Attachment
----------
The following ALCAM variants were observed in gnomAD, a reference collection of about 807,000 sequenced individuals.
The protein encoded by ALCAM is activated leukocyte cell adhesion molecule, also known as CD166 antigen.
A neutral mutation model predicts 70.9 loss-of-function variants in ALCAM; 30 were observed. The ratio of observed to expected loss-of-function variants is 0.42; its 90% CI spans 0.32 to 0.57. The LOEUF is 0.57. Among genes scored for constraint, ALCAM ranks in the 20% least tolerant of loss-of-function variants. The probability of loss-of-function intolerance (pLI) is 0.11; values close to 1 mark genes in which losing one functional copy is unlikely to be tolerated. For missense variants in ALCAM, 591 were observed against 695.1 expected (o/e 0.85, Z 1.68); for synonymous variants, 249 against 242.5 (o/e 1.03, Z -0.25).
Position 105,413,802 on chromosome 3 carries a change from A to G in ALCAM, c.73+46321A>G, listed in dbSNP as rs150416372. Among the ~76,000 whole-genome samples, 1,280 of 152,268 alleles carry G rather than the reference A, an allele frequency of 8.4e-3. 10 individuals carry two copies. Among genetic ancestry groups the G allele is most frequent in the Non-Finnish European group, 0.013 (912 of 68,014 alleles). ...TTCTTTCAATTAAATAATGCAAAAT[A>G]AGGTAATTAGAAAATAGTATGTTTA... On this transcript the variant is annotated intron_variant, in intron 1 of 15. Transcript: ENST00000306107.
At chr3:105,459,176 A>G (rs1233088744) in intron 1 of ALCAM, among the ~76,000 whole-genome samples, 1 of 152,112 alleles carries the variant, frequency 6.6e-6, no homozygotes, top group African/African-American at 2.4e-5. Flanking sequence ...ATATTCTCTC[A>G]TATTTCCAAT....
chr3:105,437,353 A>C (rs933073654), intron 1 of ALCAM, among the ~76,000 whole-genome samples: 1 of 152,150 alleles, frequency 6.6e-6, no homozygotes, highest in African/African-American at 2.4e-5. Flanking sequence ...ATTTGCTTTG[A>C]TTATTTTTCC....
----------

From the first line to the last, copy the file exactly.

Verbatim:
The following ALCAM variants were observed in gnomAD, a reference collection of about 807,000 sequenced individuals.
The protein encoded by ALCAM is activated leukocyte cell adhesion molecule, also known as CD166 antigen.
A neutral mutation model predicts 70.9 loss-of-function variants in ALCAM; 30 were observed. The ratio of observed to expected loss-of-function variants is 0.42; its 90% CI spans 0.32 to 0.57. The LOEUF is 0.57. Among genes scored for constraint, ALCAM ranks in the 20% least tolerant of loss-of-function variants. The probability of loss-of-function intolerance (pLI) is 0.11; values close to 1 mark genes in which losing one functional copy is unlikely to be tolerated. For missense variants in ALCAM, 591 were observed against 695.1 expected (o/e 0.85, Z 1.68); for synonymous variants, 249 against 242.5 (o/e 1.03, Z -0.25).
Position 105,413,802 on chromosome 3 carries a change from A to G in ALCAM, c.73+46321A>G, listed in dbSNP as rs150416372. Among the ~76,000 whole-genome samples, 1,280 of 152,268 alleles carry G rather than the reference A, an allele frequency of 8.4e-3. 10 individuals carry two copies. Among genetic ancestry groups the G allele is most frequent in the Non-Finnish European group, 0.013 (912 of 68,014 alleles). ...TTCTTTCAATTAAATAATGCAAAAT[A>G]AGGTAATTAGAAAATAGTATGTTTA... On this transcript the variant is annotated intron_variant, in intron 1 of 15. Transcript: ENST00000306107.
At chr3:105,459,176 A>G (rs1233088744) in intron 1 of ALCAM, among the ~76,000 whole-genome samples, 1 of 152,112 alleles carries the variant, frequency 6.6e-6, no homozygotes, top group African/African-American at 2.4e-5. Flanking sequence ...ATATTCTCTC[A>G]TATTTCCAAT....
chr3:105,437,353 A>C (rs933073654), intron 1 of ALCAM, among the ~76,000 whole-genome samples: 1 of 152,150 alleles, frequency 6.6e-6, no homozygotes, highest in African/African-American at 2.4e-5. Flanking sequence ...ATTTGCTTTG[A>C]TTATTTTTCC....